Despite making good time on Scott, and arriving for pickup on queue, Bob and Pattie had been waiting for some time. Feeling bad about miscalculating the time it would take them to meet us we promptly purchased several beers (Dead Guy and SOB) at the local re-supply store within the Mazama Village. After the cashiers made their point of bagging our beer for legal reasons we sat on the tables out in front of the store and cracked one after another open without any opposition. With my IPA in hand I pondered what to do next. Thinking of what the lookout crew had said about the incoming storm had me a little concerned and I knew my original climbing plan was about to change. Ashley and I talked it over and decided to bump things up, leaving for the Tipsoo Trail Head that night. Our aim for camp on top of Tipsoo Peak was cut short when night fell and exhaustion kicked in full force less than a mile from the mark, so we decided to bivouac along the trail. At first I was a little bummed not to have a bedtime view of the ridge, but later felt happy about it since I wouldn’t be sidetracked by taking photos and I could instead focus on sleeping.
Day 3 - The Sawtooth Ridge:Come morning the surrounding mosquitoes prompted a quick escape. Soon we were in the clear, atop Tipsoo Peak, where the wind kept our bloodthirsty friends at bay. The view was incredible and continued to leave us guessing a bit about what to expect along the ridge. Tipsoo became a base of sorts and after breakfast we ditched any non-essential gear to lighten our load. It was between this decision and the incoming storm that I began coming to terms with the reality of Thielsen East Peak being out of reach. Dropping down into the meadow below signaled the start of an amazing cross-country journey. We attained the Sawtooth Ridge, then climbed up and down a couple of sub peaks, skirting around or on top of a few mild gendarmes before coming back into view with Howlock. From here the ridge is impassable and the immediate choice down into the northeastern bowl, then back up to the saddle between summits, did not look enjoyable. Opting to avoid this route Ashley and I approached the dinner plate traverse below Howlock’s northern buttress and western cliff faces. No rocks fell during our traverse, but the potential seemed it could be high and it certainly was no place to linger. Ashley was amazing through this section of the climb and although it was the hardest part for her mentally she kept her cool, never once losing focus.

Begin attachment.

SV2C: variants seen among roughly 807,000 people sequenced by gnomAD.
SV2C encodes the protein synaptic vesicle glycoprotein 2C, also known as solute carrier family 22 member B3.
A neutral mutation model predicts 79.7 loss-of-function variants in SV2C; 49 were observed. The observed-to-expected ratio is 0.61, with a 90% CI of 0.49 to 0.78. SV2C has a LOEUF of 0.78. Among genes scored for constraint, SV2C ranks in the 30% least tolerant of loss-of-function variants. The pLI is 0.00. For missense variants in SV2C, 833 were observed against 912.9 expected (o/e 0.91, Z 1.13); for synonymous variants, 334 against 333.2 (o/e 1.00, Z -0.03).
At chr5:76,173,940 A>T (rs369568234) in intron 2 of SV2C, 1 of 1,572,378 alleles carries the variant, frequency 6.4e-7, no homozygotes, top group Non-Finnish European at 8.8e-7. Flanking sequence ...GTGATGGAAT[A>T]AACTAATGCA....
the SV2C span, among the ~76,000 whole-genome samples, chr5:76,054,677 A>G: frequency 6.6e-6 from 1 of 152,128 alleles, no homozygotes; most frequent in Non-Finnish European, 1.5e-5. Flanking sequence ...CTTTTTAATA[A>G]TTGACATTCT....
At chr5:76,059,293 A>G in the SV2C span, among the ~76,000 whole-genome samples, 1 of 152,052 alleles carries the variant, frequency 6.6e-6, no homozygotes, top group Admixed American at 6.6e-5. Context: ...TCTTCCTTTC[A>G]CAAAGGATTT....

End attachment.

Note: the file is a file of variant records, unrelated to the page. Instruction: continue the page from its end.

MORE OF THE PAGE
Having gingerly worked our way across the dinner plates brought into view the main course and soon I was working my way toward the pinnacle summit. I say pinnacle summit instead of false summit because of the apparent controversy over which of Howlock’s two summits is truly the highest. The fourth class climb up the pinnacle’s northwestern side was shorter and no more intimidating than Thielsen’s pinnacle, but the rock is totally rotten on Howlock, making caution a priority. Ashley had decided to take it easy and said she wasn’t going any further, so I shouted down to her that I would be right back after tagging Howlock’s second summit. I followed the pinnacle’s small knife ridge south and downclimbed the southeastern side. The rock here was even less reliable and the exposure a bit more severe. Midway down I knew I should not have taken this route and was nearly rim rocked, but I had finally found a couple of solid hand holds and felt confident I could lower myself to a safer section. A beautiful green humming bird buzzed around me as I assessed my situation, making certain that my plan was good. From here the scramble to the official summit was a cakewalk and I made good time getting there and back. By now Ashley had decided to take one last step forward and was to my surprise atop the pinnacle.